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It is very important to manage any loan account that you have with your company, because this can save you paying unnecessary tax.

Loans to a company by you

These can arise from:

  • Money you spent on behalf of the company before it was registered. This is something that is frequently neglected.
  • Your assets, such as computers, printers etc. that the company now uses. You should sell them to the company and credit your loan account with the sale price.
  • Money you lent to the company when it was short of cash.
  • Your after tax salary, for which the company does not have the cash must be credited to the loan account.
  • You should charge interest on this loan up to your interest allowance. If you are younger than 65, you can receive R23 800 interest each year before paying tax on it. The interest is a tax deductible expense for the company, so it saves 27%, or R6 426 tax while you pay none. If you are 65 or older, this goes to R34 500 and the company saves R9 315 in tax.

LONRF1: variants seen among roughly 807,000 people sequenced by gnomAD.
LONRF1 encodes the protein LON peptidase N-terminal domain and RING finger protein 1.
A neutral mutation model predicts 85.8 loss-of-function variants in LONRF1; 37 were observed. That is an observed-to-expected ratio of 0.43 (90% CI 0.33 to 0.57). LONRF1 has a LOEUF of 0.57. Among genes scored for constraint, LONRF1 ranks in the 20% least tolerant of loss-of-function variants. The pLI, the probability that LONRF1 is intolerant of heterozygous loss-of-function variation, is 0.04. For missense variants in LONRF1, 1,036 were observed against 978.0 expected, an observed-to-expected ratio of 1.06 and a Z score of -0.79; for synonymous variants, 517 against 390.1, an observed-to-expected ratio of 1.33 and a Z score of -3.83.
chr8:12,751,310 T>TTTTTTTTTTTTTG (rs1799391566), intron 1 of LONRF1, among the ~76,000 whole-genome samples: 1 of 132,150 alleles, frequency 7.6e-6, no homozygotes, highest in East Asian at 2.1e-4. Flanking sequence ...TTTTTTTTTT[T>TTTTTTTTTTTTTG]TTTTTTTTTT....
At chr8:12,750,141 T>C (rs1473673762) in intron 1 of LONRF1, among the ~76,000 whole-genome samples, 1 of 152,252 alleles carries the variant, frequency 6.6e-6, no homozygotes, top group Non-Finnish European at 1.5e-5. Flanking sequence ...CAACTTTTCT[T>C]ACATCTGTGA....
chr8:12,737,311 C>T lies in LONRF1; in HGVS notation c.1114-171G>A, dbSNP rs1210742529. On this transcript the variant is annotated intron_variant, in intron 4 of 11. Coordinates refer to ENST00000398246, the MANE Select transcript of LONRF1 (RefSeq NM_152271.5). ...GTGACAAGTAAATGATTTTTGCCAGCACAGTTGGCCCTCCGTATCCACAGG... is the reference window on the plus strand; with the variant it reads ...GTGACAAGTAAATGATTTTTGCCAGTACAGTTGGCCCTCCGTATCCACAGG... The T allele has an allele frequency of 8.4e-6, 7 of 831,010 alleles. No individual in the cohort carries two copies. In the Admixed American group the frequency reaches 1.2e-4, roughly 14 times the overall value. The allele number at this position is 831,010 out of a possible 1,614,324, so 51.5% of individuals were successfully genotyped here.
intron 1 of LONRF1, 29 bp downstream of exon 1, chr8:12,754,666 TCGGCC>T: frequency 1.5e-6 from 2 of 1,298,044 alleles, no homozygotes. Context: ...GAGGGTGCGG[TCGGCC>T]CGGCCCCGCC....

• If you have a spouse (life partner), you can both take advantage of this allowance, so donate to your spouse (no Donations Tax there) and let your spouse loan to the company instead of lending it all yourself.
  • If the company is owned by a trust, you are, in terms of s7C of the Income Tax Act, required to charge interest at least at the official rate. If you don’t, the uncharged interest is deemed to be a donations subject to Donations Tax.
  • The proviso here is that every natural person can donate a total of R100 000 each tax year free of Donations Tax, this uncharged interest could be included in that allowed total.

If, at a later date, the company has spare cash, it can pay off the loan and you won’t pay any tax on that, because it is already your money.

Loans from the company to you

These can arise from:

  • Payments that the company made on your behalf, such as that hamburger for a quick lunch.
  • Money that the company had available when you needed some.
  • The company should charge you interest at least at the official rate, otherwise the interest that it did not charge is deemed to have been a Dividend subject to 20% Dividends Witholding Tax.
  • The interest will be added to the company’s taxable income as Interest Received and will be added to the amount that you owe.



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